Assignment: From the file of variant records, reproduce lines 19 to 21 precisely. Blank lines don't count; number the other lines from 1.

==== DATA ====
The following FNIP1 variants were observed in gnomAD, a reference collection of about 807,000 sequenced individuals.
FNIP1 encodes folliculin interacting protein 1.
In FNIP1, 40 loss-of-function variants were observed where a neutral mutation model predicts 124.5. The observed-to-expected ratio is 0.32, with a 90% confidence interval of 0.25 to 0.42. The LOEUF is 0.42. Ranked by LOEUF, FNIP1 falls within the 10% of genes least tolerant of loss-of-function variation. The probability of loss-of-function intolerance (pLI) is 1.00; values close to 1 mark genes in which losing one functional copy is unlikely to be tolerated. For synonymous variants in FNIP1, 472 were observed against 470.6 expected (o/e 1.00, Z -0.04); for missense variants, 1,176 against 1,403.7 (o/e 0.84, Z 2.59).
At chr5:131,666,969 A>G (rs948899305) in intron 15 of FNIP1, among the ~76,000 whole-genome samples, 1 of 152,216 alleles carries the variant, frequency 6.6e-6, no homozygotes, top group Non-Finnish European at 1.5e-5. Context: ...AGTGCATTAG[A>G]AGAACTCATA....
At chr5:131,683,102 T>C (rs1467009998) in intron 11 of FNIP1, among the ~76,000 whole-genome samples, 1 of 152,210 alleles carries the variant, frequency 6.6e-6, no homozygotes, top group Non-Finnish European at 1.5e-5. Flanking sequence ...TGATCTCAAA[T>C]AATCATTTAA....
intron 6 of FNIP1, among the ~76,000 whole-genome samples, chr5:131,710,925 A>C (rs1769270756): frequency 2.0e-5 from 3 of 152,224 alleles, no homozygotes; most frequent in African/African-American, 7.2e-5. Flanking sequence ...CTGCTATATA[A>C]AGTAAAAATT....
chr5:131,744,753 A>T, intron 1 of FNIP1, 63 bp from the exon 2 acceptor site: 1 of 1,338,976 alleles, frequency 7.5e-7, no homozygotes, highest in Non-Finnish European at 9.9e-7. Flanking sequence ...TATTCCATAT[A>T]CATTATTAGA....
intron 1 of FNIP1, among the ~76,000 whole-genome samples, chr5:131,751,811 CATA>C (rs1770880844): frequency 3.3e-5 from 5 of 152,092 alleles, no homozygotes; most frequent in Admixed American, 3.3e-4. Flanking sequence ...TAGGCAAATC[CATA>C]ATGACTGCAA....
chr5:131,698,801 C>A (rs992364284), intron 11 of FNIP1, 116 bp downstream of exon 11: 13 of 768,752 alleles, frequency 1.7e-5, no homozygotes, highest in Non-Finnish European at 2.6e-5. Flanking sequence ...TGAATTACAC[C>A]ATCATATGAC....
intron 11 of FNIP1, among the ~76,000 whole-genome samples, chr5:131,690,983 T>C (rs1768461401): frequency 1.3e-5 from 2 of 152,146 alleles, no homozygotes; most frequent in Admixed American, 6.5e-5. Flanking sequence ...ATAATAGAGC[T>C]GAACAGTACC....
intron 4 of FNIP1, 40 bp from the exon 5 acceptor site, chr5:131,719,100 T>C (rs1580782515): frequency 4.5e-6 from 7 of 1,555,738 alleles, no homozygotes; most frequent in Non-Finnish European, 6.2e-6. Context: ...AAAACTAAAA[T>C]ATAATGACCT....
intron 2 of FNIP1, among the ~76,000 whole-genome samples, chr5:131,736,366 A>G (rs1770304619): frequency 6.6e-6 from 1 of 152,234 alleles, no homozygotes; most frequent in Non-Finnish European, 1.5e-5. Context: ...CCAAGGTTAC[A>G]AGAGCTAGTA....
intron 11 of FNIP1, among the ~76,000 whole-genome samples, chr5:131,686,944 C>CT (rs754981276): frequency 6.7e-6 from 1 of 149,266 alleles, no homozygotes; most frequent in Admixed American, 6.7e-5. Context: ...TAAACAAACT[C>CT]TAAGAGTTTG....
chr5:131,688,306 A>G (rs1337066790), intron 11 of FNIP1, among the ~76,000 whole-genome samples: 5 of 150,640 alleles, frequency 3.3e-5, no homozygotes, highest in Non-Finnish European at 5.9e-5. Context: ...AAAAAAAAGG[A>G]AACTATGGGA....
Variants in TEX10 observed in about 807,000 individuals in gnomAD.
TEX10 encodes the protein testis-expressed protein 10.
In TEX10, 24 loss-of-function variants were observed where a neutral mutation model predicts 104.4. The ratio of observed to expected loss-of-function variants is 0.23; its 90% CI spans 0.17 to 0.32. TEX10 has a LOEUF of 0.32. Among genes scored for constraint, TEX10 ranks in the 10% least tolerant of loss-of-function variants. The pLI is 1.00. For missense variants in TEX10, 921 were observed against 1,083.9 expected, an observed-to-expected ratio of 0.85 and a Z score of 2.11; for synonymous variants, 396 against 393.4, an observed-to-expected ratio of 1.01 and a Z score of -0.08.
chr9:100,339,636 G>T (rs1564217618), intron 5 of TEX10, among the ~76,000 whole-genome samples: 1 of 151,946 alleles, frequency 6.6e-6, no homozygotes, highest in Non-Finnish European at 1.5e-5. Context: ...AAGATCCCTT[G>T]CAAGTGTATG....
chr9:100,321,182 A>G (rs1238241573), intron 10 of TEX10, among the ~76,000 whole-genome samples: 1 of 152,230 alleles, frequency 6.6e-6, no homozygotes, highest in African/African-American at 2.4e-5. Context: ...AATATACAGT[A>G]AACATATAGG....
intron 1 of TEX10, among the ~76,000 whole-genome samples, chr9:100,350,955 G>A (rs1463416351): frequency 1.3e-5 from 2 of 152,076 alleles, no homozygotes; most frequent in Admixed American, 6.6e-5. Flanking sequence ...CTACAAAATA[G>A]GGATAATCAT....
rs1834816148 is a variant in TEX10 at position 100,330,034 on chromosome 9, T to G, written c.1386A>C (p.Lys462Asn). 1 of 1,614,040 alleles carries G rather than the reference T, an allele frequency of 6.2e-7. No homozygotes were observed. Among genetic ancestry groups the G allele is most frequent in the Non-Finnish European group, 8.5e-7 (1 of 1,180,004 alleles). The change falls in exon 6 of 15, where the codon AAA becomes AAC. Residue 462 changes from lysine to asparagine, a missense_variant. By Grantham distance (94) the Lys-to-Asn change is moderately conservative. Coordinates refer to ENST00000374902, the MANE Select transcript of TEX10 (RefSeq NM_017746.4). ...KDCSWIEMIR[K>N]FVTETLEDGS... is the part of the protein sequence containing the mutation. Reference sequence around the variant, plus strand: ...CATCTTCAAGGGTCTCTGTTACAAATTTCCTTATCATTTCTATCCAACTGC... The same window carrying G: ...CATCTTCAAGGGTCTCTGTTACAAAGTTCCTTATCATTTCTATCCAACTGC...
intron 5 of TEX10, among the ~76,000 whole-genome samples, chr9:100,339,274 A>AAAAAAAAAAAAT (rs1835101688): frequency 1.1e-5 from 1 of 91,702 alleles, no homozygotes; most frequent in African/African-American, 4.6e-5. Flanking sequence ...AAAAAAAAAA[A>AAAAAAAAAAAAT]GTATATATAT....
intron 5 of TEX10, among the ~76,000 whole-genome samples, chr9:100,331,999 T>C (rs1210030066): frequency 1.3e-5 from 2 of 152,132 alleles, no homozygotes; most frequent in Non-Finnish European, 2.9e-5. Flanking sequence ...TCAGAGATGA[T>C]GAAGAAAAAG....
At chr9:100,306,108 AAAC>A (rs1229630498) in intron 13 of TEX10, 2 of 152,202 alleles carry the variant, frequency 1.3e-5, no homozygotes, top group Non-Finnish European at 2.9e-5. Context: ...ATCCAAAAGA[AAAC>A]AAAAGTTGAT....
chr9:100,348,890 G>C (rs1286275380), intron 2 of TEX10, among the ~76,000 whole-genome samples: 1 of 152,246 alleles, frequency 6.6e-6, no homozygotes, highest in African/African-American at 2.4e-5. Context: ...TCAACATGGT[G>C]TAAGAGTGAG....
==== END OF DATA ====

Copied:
chr9:100,321,182 A>G (rs1238241573), intron 10 of TEX10, among the ~76,000 whole-genome samples: 1 of 152,230 alleles, frequency 6.6e-6, no homozygotes, highest in African/African-American at 2.4e-5. Context: ...AATATACAGT[A>G]AACATATAGG....
intron 1 of TEX10, among the ~76,000 whole-genome samples, chr9:100,350,955 G>A (rs1463416351): frequency 1.3e-5 from 2 of 152,076 alleles, no homozygotes; most frequent in Admixed American, 6.6e-5. Flanking sequence ...CTACAAAATA[G>A]GGATAATCAT....
rs1834816148 is a variant in TEX10 at position 100,330,034 on chromosome 9, T to G, written c.1386A>C (p.Lys462Asn). 1 of 1,614,040 alleles carries G rather than the reference T, an allele frequency of 6.2e-7. No homozygotes were observed. Among genetic ancestry groups the G allele is most frequent in the Non-Finnish European group, 8.5e-7 (1 of 1,180,004 alleles). The change falls in exon 6 of 15, where the codon AAA becomes AAC. Residue 462 changes from lysine to asparagine, a missense_variant. By Grantham distance (94) the Lys-to-Asn change is moderately conservative. Coordinates refer to ENST00000374902, the MANE Select transcript of TEX10 (RefSeq NM_017746.4). ...KDCSWIEMIR[K>N]FVTETLEDGS... is the part of the protein sequence containing the mutation. Reference sequence around the variant, plus strand: ...CATCTTCAAGGGTCTCTGTTACAAATTTCCTTATCATTTCTATCCAACTGC... The same window carrying G: ...CATCTTCAAGGGTCTCTGTTACAAAGTTCCTTATCATTTCTATCCAACTGC...